Construction operative

site labourer
Produce

Career outlook for

Figures and forecasts for roles at the same level, which require similar skills and qualifications.

Average UK salary

Currently employed in Scotland

Jobs forecast

This information is supplied by LMI For All, where data is currently available for Scotland.

What's it like?

You’d work as part of a team on a building site to construct a building or structure safely and efficiently.

You’d use different building methods and work with a variety of materials. You’d use hand, power and machine tools, following health and safety rules, to successfully complete the different processes involved in a construction project.

At the start of a project you’d help to prepare the site. For example, you would:

  • Put up site huts
  • Unload and store building materials
  • Set up ladders and scaffolding

Once work starts, you could do a variety of tasks including:

  • Groundworking – mark out and dig shallow trenches for foundations and drains
  • Formworking – put up or dismantle the shuttering that holds concrete in place while it’s setting
  • Steel fixing– bend and fix the bars used to reinforce concrete structures
  • Steel piling – fix steel sheets together to form temporary retaining walls for excavation work
  • Concreting – layer and smooth concrete for foundations, floors and beams
  • Road working –pour concrete and lay kerbs, paving and re-surfacing

With further training, you could operate construction plant equipment, such as dumper trucks or excavators.

Working conditions

Hours

You would work a basic 39-hour week, often starting early in the morning. Overtime at weekends and evenings may be required to meet deadlines. Seasonal work is common and overnight stays away from home may be necessary.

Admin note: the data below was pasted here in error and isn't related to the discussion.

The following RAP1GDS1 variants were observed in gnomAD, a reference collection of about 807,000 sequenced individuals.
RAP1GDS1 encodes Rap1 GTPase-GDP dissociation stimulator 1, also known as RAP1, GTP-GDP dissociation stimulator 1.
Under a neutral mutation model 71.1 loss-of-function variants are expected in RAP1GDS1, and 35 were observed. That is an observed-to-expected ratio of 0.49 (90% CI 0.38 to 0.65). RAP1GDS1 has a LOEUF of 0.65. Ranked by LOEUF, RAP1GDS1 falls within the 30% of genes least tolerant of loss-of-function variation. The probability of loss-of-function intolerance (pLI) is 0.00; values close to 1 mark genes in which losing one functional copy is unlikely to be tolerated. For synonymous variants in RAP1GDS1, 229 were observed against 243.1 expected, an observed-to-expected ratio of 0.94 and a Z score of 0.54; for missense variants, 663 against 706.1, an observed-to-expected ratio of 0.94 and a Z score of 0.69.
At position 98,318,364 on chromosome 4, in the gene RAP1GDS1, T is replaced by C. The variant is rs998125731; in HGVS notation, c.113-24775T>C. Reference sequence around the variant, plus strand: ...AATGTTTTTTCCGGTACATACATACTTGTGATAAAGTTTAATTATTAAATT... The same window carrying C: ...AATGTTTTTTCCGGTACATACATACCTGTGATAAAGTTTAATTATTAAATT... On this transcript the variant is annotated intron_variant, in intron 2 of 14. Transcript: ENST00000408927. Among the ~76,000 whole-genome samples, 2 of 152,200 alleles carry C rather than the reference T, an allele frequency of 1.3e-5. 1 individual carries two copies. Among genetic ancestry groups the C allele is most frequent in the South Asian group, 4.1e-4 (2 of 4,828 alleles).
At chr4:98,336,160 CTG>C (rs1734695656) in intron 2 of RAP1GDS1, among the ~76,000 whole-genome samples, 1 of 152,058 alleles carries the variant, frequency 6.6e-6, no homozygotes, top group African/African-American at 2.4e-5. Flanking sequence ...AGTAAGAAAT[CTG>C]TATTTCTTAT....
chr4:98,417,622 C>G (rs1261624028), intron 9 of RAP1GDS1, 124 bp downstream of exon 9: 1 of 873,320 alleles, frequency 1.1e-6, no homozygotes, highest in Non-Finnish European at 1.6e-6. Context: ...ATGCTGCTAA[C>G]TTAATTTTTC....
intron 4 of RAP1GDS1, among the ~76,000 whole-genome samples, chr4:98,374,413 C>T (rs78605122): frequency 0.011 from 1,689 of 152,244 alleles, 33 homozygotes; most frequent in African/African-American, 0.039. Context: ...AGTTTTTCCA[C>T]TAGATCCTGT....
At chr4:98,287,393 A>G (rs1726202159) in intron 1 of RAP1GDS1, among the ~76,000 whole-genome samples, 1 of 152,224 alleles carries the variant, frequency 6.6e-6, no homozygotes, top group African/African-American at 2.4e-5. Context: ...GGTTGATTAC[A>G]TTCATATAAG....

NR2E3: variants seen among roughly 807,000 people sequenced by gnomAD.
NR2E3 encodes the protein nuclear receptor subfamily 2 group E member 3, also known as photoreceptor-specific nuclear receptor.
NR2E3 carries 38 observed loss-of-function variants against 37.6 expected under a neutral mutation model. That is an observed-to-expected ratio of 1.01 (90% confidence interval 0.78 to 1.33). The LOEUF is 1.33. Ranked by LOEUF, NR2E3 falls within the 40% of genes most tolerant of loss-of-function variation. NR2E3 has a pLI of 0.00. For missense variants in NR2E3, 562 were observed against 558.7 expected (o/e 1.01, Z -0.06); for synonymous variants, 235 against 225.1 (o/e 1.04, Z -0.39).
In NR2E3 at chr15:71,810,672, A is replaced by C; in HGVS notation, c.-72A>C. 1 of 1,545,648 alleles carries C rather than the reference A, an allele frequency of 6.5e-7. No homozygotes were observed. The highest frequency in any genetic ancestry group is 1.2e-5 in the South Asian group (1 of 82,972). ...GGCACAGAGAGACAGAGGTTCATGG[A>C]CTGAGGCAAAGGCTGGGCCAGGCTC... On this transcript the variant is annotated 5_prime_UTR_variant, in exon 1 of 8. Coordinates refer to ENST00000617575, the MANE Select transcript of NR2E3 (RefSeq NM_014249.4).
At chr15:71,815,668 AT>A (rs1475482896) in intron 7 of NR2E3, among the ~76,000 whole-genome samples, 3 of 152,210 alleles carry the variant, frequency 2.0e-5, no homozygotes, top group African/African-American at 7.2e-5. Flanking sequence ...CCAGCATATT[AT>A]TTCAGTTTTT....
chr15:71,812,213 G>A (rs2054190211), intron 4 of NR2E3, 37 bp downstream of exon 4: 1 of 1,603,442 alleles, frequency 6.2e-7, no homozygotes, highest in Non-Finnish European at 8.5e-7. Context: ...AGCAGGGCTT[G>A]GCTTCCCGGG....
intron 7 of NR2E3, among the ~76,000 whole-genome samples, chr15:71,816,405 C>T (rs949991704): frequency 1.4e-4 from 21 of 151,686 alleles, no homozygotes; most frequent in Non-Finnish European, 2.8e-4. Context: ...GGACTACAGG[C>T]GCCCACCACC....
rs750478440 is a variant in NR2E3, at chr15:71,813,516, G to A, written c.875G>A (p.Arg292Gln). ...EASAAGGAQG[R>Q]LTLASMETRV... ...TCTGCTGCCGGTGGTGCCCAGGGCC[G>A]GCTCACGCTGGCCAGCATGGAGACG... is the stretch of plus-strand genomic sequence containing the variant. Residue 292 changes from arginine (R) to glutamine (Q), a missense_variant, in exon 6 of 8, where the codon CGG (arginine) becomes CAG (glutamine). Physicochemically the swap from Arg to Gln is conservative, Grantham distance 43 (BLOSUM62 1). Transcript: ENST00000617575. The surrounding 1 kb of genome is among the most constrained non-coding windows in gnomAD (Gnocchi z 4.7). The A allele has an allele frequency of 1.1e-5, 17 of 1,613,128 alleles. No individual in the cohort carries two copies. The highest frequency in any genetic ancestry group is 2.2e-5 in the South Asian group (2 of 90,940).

Environment

You would work outdoors in all weather conditions and sometimes at heights. The work is physically demanding and often involves carrying heavy or awkward loads. You would be expected to wear protective clothing, such as a safety helmet and boots.

Travel

Overnight stays away from home may be necessary.

UK employment status

Full-time

Part-time

Self employed

Here are some of the skills that people in this job would be most likely to have:

  • Working as part of a team
  • Following instructions
  • Working with your hands
  • Being physically fit

Build your skills

Your skills can help you choose the career that’s right for you. You can build your skills through work, study or activities you do in your spare time.

To understand more, have a look at what are my skills?

Keep track of your skills in your account and find the jobs, opportunities and courses that suit you.

Click here to view / add your skills

Getting in

Entry requirements for courses can change. Always contact the college, university or training provider to check exactly what you’ll need.

Qualifications

There are no formal qualifications required for entry to this role but some employers may ask for qualifications at SCQF level 4/5. 

Useful subjects

  • English
  • Maths
  • Practical technologies subjects

You will also need

You usually need to pass an aptitude test.

You must hold a Construction Skills Certification Scheme (CSCS) card or equivalent and pass a health and safety test to work and train on construction sites.

There is no age restriction for entry to the role but if you have to operate machinery you must be over 18 years old.

Helpful to have

Qualifications that demonstrate an understanding of construction and practical skills such as

  • Skills for Work Construction Engineering (SCQF level 3)
  • Construction Crafts (SCQF level 4/5)

A Modern Apprenticeship leading to relevant work-based experience and qualifications such as a Scottish Vocational Qualification in Construction: Building (SVQ level 2/3).

A driving licence can be useful.